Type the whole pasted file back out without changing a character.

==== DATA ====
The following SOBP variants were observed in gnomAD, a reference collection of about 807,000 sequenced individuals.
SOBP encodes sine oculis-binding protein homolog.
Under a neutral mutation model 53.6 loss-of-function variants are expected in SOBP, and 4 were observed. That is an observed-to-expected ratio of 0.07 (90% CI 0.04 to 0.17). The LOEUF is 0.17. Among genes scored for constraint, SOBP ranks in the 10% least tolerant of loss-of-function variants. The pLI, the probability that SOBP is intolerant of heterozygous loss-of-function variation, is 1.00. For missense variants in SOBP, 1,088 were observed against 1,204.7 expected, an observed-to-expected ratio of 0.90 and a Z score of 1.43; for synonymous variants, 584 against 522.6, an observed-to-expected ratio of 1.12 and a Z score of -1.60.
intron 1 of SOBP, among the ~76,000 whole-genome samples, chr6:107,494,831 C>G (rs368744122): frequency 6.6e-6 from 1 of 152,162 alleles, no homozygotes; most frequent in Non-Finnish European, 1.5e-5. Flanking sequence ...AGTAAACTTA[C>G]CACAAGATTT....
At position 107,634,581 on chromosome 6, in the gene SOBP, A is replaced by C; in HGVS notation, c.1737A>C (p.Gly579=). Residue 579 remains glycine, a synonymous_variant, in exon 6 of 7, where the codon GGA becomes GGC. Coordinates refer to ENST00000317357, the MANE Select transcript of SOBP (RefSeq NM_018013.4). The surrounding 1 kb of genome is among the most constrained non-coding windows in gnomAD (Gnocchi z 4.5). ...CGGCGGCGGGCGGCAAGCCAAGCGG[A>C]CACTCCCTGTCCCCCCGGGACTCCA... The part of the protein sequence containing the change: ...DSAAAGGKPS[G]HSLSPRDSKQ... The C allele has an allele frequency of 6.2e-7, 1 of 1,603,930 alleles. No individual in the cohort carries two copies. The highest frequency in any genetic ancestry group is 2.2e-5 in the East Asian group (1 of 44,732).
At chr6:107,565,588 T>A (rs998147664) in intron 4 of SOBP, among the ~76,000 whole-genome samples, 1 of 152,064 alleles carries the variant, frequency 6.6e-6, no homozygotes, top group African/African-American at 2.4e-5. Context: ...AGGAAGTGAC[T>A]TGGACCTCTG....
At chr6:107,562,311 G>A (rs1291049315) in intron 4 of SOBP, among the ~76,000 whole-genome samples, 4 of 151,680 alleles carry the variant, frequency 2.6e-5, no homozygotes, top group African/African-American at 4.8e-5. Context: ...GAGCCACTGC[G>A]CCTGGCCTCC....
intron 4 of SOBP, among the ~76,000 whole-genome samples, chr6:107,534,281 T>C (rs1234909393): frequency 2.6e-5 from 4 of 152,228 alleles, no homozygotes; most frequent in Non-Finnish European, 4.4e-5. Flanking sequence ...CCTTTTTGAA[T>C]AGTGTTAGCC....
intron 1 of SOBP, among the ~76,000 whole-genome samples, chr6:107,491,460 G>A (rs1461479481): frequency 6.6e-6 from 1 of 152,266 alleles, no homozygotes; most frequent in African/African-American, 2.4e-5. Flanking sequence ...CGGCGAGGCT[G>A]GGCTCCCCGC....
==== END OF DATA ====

The following SOBP variants were observed in gnomAD, a reference collection of about 807,000 sequenced individuals.
SOBP encodes sine oculis-binding protein homolog.
Under a neutral mutation model 53.6 loss-of-function variants are expected in SOBP, and 4 were observed. That is an observed-to-expected ratio of 0.07 (90% CI 0.04 to 0.17). The LOEUF is 0.17. Among genes scored for constraint, SOBP ranks in the 10% least tolerant of loss-of-function variants. The pLI, the probability that SOBP is intolerant of heterozygous loss-of-function variation, is 1.00. For missense variants in SOBP, 1,088 were observed against 1,204.7 expected, an observed-to-expected ratio of 0.90 and a Z score of 1.43; for synonymous variants, 584 against 522.6, an observed-to-expected ratio of 1.12 and a Z score of -1.60.
intron 1 of SOBP, among the ~76,000 whole-genome samples, chr6:107,494,831 C>G (rs368744122): frequency 6.6e-6 from 1 of 152,162 alleles, no homozygotes; most frequent in Non-Finnish European, 1.5e-5. Flanking sequence ...AGTAAACTTA[C>G]CACAAGATTT....
At position 107,634,581 on chromosome 6, in the gene SOBP, A is replaced by C; in HGVS notation, c.1737A>C (p.Gly579=). Residue 579 remains glycine, a synonymous_variant, in exon 6 of 7, where the codon GGA becomes GGC. Coordinates refer to ENST00000317357, the MANE Select transcript of SOBP (RefSeq NM_018013.4). The surrounding 1 kb of genome is among the most constrained non-coding windows in gnomAD (Gnocchi z 4.5). ...CGGCGGCGGGCGGCAAGCCAAGCGG[A>C]CACTCCCTGTCCCCCCGGGACTCCA... The part of the protein sequence containing the change: ...DSAAAGGKPS[G]HSLSPRDSKQ... The C allele has an allele frequency of 6.2e-7, 1 of 1,603,930 alleles. No individual in the cohort carries two copies. The highest frequency in any genetic ancestry group is 2.2e-5 in the East Asian group (1 of 44,732).
At chr6:107,565,588 T>A (rs998147664) in intron 4 of SOBP, among the ~76,000 whole-genome samples, 1 of 152,064 alleles carries the variant, frequency 6.6e-6, no homozygotes, top group African/African-American at 2.4e-5. Context: ...AGGAAGTGAC[T>A]TGGACCTCTG....
At chr6:107,562,311 G>A (rs1291049315) in intron 4 of SOBP, among the ~76,000 whole-genome samples, 4 of 151,680 alleles carry the variant, frequency 2.6e-5, no homozygotes, top group African/African-American at 4.8e-5. Context: ...GAGCCACTGC[G>A]CCTGGCCTCC....
intron 4 of SOBP, among the ~76,000 whole-genome samples, chr6:107,534,281 T>C (rs1234909393): frequency 2.6e-5 from 4 of 152,228 alleles, no homozygotes; most frequent in Non-Finnish European, 4.4e-5. Flanking sequence ...CCTTTTTGAA[T>C]AGTGTTAGCC....
intron 1 of SOBP, among the ~76,000 whole-genome samples, chr6:107,491,460 G>A (rs1461479481): frequency 6.6e-6 from 1 of 152,266 alleles, no homozygotes; most frequent in African/African-American, 2.4e-5. Flanking sequence ...CGGCGAGGCT[G>A]GGCTCCCCGC....